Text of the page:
Tulane President honored at final commencement ahead of retirement




Posted on May 18, 2014 at 4:44 AM

Updated Sunday, May 18 at 4:55 AM

Jaclyn Kelley / Eyewitness News
Email: jkelley@wwltv.com | Twitter: @jkelleyWWL

NEW ORLEANS - Saturday's graduation also marked a special and bittersweet time for Tulane President Scott Cowen. 

This will be his final commencement, as he plans to retire this summer. Cowen led the school for many years, through its most challenging times.

Tulane University did not just celebrate its 2014 graduates, it celebrated the 16 years Scott Cowen severed as Tulane's president.

"He has so much to be proud of and he will certainly go down as one of the greatest presidents of this university and one of the greatest college presidents around the country as well," said Saints Quarterback Drew Brees.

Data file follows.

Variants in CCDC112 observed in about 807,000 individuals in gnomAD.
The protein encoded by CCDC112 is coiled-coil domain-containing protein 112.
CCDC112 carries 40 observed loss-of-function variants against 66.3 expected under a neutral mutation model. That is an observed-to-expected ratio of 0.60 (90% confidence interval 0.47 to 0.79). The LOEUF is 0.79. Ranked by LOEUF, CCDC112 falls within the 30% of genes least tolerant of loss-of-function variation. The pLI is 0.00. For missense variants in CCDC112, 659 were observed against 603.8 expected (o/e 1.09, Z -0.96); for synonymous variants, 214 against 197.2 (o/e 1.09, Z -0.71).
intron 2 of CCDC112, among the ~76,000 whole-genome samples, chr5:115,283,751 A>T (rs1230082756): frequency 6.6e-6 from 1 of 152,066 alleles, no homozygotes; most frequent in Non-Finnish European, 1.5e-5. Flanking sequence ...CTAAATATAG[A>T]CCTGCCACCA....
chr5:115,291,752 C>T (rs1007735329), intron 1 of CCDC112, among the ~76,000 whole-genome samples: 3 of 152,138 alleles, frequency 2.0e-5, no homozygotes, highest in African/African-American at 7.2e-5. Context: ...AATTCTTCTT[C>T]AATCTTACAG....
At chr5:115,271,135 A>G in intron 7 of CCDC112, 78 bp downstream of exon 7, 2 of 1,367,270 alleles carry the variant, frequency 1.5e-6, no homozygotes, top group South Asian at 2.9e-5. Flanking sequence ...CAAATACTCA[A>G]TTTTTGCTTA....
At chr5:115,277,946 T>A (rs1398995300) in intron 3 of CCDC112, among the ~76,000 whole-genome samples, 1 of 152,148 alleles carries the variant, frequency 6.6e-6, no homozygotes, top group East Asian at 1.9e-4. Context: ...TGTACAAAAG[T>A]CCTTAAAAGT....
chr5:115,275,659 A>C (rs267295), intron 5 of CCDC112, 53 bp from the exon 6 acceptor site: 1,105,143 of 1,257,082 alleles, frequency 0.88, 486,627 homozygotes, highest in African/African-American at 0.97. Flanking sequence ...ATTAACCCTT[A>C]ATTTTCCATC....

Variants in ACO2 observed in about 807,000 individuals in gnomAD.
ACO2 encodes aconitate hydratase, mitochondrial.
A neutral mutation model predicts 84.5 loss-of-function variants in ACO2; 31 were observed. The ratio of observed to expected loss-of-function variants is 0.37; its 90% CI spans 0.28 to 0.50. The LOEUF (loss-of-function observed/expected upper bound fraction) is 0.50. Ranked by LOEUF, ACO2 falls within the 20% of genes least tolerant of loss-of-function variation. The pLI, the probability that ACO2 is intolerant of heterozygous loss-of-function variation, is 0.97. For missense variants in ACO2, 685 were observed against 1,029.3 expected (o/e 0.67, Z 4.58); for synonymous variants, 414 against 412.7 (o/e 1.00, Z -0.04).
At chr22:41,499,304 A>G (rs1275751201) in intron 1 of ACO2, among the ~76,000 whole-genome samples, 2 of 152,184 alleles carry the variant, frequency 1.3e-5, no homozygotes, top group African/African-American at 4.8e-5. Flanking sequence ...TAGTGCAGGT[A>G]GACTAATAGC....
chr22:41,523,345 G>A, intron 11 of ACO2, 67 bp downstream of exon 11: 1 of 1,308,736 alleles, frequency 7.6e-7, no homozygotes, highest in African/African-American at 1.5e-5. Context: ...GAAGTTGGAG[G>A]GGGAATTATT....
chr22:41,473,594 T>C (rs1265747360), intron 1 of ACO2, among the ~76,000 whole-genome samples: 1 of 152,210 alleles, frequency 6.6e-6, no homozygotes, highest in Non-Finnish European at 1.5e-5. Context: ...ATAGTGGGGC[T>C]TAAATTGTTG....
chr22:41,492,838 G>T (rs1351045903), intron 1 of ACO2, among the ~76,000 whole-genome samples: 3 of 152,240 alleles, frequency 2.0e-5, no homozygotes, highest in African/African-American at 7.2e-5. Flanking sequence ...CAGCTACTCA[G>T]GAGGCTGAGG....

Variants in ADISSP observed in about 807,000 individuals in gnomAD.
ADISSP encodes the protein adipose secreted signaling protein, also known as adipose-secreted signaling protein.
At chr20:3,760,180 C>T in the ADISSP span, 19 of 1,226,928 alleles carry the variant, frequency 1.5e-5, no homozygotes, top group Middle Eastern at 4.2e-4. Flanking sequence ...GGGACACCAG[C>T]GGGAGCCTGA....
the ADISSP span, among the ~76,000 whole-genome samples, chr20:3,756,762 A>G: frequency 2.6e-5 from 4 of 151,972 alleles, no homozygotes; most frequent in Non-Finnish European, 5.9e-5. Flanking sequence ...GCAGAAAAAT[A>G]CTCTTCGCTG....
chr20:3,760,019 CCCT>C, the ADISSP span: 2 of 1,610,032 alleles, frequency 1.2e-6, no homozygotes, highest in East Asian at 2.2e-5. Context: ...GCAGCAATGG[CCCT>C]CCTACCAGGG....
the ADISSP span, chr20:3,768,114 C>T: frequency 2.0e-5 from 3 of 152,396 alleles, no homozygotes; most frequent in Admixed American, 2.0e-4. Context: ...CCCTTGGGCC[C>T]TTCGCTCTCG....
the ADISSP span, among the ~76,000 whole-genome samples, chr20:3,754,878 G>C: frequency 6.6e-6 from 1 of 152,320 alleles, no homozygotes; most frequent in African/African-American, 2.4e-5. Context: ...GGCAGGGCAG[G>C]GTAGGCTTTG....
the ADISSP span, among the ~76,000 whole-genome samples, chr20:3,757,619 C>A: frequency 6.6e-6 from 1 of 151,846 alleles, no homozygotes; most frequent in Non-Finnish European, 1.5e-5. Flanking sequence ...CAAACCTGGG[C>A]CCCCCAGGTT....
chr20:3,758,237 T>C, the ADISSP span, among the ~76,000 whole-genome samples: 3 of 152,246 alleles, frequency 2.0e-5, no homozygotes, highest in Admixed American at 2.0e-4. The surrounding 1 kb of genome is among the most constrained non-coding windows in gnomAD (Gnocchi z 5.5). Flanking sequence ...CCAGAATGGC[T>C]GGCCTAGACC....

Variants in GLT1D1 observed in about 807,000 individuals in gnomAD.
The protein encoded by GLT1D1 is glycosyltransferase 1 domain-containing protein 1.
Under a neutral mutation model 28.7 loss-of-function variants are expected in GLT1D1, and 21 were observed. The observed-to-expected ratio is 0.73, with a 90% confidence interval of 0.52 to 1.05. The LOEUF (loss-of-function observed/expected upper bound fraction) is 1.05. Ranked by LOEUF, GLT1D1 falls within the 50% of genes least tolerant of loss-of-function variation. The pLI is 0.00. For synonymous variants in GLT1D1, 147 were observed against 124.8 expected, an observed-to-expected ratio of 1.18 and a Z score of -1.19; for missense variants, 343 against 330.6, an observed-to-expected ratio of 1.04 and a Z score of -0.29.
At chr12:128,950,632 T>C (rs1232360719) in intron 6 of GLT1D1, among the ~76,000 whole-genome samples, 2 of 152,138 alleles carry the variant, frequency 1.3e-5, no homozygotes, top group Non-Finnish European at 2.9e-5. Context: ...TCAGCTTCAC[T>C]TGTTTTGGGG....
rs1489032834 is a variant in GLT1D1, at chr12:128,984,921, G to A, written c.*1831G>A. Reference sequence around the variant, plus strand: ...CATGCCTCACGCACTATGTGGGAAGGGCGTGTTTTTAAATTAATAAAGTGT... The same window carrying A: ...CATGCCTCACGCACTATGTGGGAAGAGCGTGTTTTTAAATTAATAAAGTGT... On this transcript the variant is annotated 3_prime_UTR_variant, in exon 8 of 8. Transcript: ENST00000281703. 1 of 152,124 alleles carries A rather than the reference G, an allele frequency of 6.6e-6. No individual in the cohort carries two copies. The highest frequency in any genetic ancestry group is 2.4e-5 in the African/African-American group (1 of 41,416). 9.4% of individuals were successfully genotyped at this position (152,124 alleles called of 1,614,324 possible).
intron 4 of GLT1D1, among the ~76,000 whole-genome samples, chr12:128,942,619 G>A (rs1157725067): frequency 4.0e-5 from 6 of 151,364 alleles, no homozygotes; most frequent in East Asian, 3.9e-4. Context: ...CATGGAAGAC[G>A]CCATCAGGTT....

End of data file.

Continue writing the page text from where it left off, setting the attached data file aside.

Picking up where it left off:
Saturday Brees graciously accepted the president's medal from Cowen for his work in the community.

Cowen even had some fun with it, catching a pass from the Saints quarterback to close out the ceremony, but Cowen says his final commencement was bittersweet.

"I consider myself so fortunate some 17 years ago to find my way down here and to be apart of this great transformation in New Orleans," said Cowen.

During the commencement, students paid tribute to his impressive career, especially how he lead the university through Katrina.

"It's one thing to be able to accomplish all those things, it's another thing to be so well liked and loved by the students," said Brees. 

At times Cowen was overcome by emotion and he says those tears of joy were for the city he's called home all these years.

"I love new Orleans with such intensity, it's hard to describe and my years here are not what I originally thought it would be, but so much better than I ever imagined," said Cowen.

As for what's next for Cowen, he says it will definitely involve New Orleans.

"I am going to take a little time off, the proverbial go to Disneyland and then I will come back and teach at Tulane University, continue my work in k-12 education and disconnected youth," said Cowen.